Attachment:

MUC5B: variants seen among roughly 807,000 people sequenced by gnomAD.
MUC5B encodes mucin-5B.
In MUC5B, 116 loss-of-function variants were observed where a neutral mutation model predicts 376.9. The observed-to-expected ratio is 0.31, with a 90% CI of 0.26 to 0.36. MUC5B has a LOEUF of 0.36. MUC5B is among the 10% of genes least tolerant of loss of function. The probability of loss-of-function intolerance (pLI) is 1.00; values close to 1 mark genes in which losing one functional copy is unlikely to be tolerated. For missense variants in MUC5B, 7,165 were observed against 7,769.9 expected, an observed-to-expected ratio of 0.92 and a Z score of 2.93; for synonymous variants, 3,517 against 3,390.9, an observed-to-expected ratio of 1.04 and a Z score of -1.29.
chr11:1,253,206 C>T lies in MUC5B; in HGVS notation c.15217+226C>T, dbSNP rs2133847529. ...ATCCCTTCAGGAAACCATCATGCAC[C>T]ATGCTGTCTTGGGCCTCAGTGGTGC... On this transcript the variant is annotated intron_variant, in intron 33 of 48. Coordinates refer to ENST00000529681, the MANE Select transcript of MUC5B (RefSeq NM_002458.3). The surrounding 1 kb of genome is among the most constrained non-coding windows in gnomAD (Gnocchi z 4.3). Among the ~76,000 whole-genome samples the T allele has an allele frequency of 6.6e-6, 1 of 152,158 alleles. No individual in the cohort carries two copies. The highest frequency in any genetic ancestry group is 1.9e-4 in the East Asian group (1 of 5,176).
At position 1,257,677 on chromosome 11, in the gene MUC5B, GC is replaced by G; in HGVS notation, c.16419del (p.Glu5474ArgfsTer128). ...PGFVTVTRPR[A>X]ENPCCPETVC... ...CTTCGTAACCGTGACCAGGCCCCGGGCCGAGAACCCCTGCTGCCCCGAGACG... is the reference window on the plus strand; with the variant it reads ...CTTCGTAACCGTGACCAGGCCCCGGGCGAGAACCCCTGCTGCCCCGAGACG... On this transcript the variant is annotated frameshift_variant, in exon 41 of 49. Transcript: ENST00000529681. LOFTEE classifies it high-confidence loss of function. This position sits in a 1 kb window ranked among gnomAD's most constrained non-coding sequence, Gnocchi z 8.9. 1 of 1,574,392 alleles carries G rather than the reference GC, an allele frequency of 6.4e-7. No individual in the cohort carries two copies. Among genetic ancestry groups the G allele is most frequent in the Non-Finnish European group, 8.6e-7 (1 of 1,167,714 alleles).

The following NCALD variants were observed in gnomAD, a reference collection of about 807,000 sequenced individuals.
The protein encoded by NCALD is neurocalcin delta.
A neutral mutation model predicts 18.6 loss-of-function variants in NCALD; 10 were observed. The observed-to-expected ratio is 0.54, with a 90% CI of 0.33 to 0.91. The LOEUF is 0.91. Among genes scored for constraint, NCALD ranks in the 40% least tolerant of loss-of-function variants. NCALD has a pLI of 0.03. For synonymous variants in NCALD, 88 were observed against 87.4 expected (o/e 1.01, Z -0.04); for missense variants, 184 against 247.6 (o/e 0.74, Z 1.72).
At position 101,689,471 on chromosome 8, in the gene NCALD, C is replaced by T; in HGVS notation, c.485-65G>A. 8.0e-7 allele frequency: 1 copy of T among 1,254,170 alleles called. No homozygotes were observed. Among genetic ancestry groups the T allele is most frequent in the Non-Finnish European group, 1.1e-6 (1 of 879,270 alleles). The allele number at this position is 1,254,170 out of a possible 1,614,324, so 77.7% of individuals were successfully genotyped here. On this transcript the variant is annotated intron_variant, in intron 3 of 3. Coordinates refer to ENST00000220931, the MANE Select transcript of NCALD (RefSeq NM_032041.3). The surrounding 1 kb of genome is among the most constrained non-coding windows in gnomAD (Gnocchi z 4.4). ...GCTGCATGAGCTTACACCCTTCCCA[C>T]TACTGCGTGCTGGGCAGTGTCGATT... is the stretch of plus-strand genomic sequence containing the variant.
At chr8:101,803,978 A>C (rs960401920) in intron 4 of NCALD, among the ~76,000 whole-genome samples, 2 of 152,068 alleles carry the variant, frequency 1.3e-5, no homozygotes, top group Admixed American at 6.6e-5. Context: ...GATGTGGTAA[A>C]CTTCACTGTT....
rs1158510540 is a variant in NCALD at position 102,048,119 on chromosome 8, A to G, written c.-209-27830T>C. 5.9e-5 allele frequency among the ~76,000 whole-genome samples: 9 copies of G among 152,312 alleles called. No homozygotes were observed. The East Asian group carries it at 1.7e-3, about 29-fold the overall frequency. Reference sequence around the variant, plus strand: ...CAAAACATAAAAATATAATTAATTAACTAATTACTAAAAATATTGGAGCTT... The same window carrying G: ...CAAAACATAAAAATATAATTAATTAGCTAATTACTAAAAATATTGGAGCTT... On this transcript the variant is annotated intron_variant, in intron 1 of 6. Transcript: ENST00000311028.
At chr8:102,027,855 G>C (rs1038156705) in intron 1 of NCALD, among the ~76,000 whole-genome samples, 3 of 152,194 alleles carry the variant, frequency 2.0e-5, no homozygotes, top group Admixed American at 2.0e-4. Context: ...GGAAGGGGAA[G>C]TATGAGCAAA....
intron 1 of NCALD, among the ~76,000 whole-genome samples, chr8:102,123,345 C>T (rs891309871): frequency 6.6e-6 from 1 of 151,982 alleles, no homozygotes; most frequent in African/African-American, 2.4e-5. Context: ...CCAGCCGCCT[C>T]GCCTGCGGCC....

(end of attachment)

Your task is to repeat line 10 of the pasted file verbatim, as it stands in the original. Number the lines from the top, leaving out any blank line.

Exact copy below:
At chr8:101,803,978 A>C (rs960401920) in intron 4 of NCALD, among the ~76,000 whole-genome samples, 2 of 152,068 alleles carry the variant, frequency 1.3e-5, no homozygotes, top group Admixed American at 6.6e-5. Context: ...GATGTGGTAA[A>C]CTTCACTGTT....